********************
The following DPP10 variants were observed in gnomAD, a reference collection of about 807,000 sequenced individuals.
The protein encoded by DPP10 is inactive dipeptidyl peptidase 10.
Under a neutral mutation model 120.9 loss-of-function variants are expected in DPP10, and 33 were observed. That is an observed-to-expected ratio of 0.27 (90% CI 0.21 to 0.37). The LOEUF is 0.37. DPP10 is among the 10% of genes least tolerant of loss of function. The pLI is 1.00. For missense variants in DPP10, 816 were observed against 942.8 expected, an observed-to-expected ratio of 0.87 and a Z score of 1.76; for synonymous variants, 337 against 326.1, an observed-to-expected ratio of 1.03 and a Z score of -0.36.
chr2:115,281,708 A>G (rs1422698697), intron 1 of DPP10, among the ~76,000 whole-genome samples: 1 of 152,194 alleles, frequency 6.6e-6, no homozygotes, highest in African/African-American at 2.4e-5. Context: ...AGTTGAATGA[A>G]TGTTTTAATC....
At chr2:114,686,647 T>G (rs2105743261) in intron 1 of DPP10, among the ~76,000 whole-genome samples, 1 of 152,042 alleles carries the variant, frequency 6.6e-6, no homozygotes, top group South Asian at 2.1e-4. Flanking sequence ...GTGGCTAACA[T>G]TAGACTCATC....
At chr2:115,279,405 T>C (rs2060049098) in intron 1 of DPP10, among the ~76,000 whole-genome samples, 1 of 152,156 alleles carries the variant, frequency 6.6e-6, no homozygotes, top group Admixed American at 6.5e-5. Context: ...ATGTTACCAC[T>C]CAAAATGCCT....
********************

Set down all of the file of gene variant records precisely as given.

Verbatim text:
The following DPP10 variants were observed in gnomAD, a reference collection of about 807,000 sequenced individuals.
The protein encoded by DPP10 is inactive dipeptidyl peptidase 10.
Under a neutral mutation model 120.9 loss-of-function variants are expected in DPP10, and 33 were observed. That is an observed-to-expected ratio of 0.27 (90% CI 0.21 to 0.37). The LOEUF is 0.37. DPP10 is among the 10% of genes least tolerant of loss of function. The pLI is 1.00. For missense variants in DPP10, 816 were observed against 942.8 expected, an observed-to-expected ratio of 0.87 and a Z score of 1.76; for synonymous variants, 337 against 326.1, an observed-to-expected ratio of 1.03 and a Z score of -0.36.
chr2:115,281,708 A>G (rs1422698697), intron 1 of DPP10, among the ~76,000 whole-genome samples: 1 of 152,194 alleles, frequency 6.6e-6, no homozygotes, highest in African/African-American at 2.4e-5. Context: ...AGTTGAATGA[A>G]TGTTTTAATC....
At chr2:114,686,647 T>G (rs2105743261) in intron 1 of DPP10, among the ~76,000 whole-genome samples, 1 of 152,042 alleles carries the variant, frequency 6.6e-6, no homozygotes, top group South Asian at 2.1e-4. Flanking sequence ...GTGGCTAACA[T>G]TAGACTCATC....
At chr2:115,279,405 T>C (rs2060049098) in intron 1 of DPP10, among the ~76,000 whole-genome samples, 1 of 152,156 alleles carries the variant, frequency 6.6e-6, no homozygotes, top group Admixed American at 6.5e-5. Context: ...ATGTTACCAC[T>C]CAAAATGCCT....